Dictionary: SUCK'LED – SUF'FER-A-BLE

a | b | c | d | e | f | g | h | i | j | k | l | m | n | o | p | q | r | s | t | u | v | w | x | y | z |



Nursed at the breast.


  1. A young child or animal nursed at the breast. – Ps. viii.
  2. A sort of white clover. – Cyc.


Nursing at the breast.

SUC'TION, n. [Fr.]

  1. The act of sucking or drawing into the mouth, as fluids. – Boyle. Arbuthnot.
  2. The act of drawing, as fluids into a pipe or other thing.

SU'DAK, n.

A fish, a species of Perca. – Tooke.

SU'DA-RY, n. [L. sudarium, from sudo, to sweat.]

A napkin or handkerchief. [Not in use.] – Wickliffe.

SU-DA'TION, n. [L. sudatio.]

A sweating.



SU'DA-TO-RY, n. [L. sudatorium, from sudo, to sweat.]

A hot house; a sweating bath. Herbert.

SUD'DEN, a. [Sax. soden; Fr. soudain; Norm. soubdain; L. subitaneus.]

  1. Happening without previous notice; coming unexpectedly, or without the common preparatives. And sudden fear troubleth thee. – Job xxii. For when they shall say, peace and safety, then sudden destruction cometh upon them. – 1 Thess. v.
  2. Hasty; violent; rash; precipitate; passionate. [Not in use.] – Shak.


An unexpected occurrence; surprise. [Not in use.] On a sudden, sooner than was expected; without the usual preparatives. How art thou lost, how on a sudden lost! – Milton. [Of a sudden, is not usual, and is less elegant.]

SUD'DEN-LY, adv.

  1. In an unexpected manner; unexpectedly; hastily; without preparation. Therefore his calamity shall come suddenly. – Prov. vi.
  2. Without premeditation.


State of being sudden; a coming or happening without previous notice. The suddenness of the event precluded preparation.

SU-DOR-IF'IC, a. [Fr. sudorifique; L. sudor, sweat, and facio, to make.]

Causing sweat; as, sudorific herbs. – Bacon.


A medicine that produces sweat. – Coxe.

SU'DOR-OUS, a. [L. sudor, sweat.]

Consisting of sweat. – Brown.

SUDS, n. [sing. Qu. W. suz, moisture, or its connection seethe, sodden.]

Water impregnated with soap. To be in the suds, to be in turmoil or difficulty; a familiar phrase.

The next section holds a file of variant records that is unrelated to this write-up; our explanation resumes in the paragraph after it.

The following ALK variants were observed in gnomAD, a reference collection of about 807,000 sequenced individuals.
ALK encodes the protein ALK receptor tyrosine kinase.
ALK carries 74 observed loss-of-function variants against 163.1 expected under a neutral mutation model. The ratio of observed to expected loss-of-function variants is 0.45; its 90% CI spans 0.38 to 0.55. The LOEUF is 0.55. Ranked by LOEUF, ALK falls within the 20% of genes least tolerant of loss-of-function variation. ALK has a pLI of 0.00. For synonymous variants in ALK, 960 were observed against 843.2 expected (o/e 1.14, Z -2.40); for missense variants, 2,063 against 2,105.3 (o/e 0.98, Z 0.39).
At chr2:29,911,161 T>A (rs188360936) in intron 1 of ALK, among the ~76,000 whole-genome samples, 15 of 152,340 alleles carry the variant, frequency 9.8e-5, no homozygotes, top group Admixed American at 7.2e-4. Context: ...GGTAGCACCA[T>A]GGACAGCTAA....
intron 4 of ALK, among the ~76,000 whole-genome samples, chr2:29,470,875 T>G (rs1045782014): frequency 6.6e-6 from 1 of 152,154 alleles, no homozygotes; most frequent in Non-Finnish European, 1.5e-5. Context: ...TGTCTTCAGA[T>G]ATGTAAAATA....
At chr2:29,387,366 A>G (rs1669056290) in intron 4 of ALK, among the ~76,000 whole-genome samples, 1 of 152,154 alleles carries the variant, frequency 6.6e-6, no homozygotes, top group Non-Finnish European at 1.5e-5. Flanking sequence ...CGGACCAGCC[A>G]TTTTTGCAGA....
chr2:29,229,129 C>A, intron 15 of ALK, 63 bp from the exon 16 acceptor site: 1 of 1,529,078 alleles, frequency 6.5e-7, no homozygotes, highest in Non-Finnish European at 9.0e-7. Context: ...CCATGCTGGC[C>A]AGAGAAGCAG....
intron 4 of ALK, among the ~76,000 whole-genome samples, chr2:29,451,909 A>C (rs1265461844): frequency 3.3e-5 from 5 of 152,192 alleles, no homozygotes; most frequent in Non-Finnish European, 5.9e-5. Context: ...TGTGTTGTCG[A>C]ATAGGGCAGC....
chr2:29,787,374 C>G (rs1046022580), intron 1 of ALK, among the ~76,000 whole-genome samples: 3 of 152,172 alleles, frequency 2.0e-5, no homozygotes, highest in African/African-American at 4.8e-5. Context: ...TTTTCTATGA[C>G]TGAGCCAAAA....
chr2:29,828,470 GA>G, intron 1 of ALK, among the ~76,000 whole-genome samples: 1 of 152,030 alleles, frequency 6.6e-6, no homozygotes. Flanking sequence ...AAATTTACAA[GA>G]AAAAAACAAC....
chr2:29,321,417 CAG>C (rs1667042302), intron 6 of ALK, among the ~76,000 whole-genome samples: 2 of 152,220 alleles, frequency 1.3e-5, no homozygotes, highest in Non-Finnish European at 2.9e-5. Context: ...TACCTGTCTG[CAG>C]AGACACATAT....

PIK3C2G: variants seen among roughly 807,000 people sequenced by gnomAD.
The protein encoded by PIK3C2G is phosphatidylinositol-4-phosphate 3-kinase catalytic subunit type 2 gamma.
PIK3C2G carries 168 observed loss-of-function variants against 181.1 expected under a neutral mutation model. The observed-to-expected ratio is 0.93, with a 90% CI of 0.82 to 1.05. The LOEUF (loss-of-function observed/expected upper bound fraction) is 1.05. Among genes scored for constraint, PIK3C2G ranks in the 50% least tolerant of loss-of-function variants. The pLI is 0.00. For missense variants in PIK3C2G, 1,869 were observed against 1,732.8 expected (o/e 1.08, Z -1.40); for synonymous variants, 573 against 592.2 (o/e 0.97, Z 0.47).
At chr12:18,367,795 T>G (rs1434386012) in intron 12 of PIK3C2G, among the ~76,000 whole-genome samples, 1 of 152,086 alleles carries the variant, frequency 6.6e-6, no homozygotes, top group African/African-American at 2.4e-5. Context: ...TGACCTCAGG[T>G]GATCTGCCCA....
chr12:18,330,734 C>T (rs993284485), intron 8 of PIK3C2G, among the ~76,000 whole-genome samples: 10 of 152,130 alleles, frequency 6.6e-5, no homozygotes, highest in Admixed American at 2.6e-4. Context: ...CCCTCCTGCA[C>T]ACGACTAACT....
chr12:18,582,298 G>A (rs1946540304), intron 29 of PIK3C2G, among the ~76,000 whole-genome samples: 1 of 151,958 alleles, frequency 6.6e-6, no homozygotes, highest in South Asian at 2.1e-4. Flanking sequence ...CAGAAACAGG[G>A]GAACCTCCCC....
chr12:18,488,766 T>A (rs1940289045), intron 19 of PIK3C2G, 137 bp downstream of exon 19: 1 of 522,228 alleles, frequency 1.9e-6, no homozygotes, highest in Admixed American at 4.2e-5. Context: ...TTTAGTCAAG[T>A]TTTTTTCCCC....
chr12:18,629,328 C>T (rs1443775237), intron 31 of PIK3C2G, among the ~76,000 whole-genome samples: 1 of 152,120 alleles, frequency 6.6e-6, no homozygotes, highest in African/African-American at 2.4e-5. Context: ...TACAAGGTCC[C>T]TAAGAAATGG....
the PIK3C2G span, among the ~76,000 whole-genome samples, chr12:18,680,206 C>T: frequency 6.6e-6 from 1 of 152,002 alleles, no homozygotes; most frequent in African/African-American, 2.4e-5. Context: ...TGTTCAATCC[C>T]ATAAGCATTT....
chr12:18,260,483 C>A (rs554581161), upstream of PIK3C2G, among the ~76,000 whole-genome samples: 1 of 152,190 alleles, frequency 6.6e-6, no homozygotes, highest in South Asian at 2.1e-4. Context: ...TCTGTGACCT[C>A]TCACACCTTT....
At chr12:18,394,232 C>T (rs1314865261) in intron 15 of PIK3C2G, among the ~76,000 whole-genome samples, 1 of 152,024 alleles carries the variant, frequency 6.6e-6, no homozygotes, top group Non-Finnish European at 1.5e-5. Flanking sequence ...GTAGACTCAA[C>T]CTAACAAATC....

SUE, v.i.

  1. To prosecute; to make legal claim; to seek for in law; as, to sue for damages.
  2. To seek by request; to apply for; to petition; to entreat. By adverse destiny constrain'd to sue / For counsel and redress, he sues to you. – Pope.
  3. To make interest for; to demand. Cesar came to Rome to sue for the double honor of a triumph and the consulship. – Middleton.

SUE, v.t. [su; Fr. suivre, to follow, L. sequor. See Seek and Essay.]

  1. To seek justice or right from one by legal process; to institute process in law against one; to prosecute in a civil action for the recovery of a real or supposed right; as, to sue one for debt; to sue one for damages in trespass. – Matth. v.
  2. To gain by legal process.
  3. To clean the beak, as a hawk; a term of falconry. To sue out, to petition for and take out; or to apply for and obtain; as, to sue out a writ in chancery; to sue out a pardon for a criminal.

SU'ED, pp.

Prosecuted; sought in law.

SU'ET, n. [W. swyv; and swyved, a surface, coating, suet, yest, &c.]

The fat of an animal, particularly that about the kidneys; lard. – Wiseman.

SU'ET-Y, a.

Consisting of suet, or resembling it; as, a suety substance. – Sharp.

SUF'FER, v.i.

  1. To feel or undergo pain of body or mind; to bear what is inconvenient. We suffer with pain, sickness or sorrow. We suffer with anxiety. We suffer by evils past and by anticipating others to come. We suffer from fear and from disappointed hopes.
  2. To undergo, as punishment. The father was first condemned to suffer on a day appointed, and the son afterward, the day following. – Clarendon.
  3. To be injured; to sustain loss or damage. A building suffers for want of seasonable repairs. It is just that we should suffer for neglect of duty. Public business suffers by private infirmities. – Temple.

SUF'FER, v.t. [L. suffero; sub, under, and fero, to bear; as we say, to undergo; Fr. souffrir; It. sofferire; Sp. sufrir. See Bear.]

  1. To feel or bear what is painful, disagreeable or distressing, either to the body or mind; to undergo. We suffer pain of body; we suffer grief of mind. The criminal suffers punishment; the sinner suffers the pangs of conscience in this life, and is condemned to suffer the wrath of an offended God. We often suffer wrong; we suffer abuse; we suffer injustice.
  2. To endure; to support; to sustain; not to sink under. Our spirit and strength entire, / Strongly to suffer and support our pains. – Milton.
  3. To allow; to permit; not to forbid or hinder. Will you suffer yourself to be insulted? I suffer them to enter and possess. – Milton. Thou shalt in any wise rebuke thy neighbor, and not suffer sin upon him. – Lev. xix.
  4. To undergo; to be affected by. Substances suffer an entire change by the action of fire, or by entering into new combinations.
  5. To sustain; to be affected by; as, to suffer loss or damage.


  1. That may be tolerated or permitted; allowable.
  2. That may be endured or borne. – Wotton.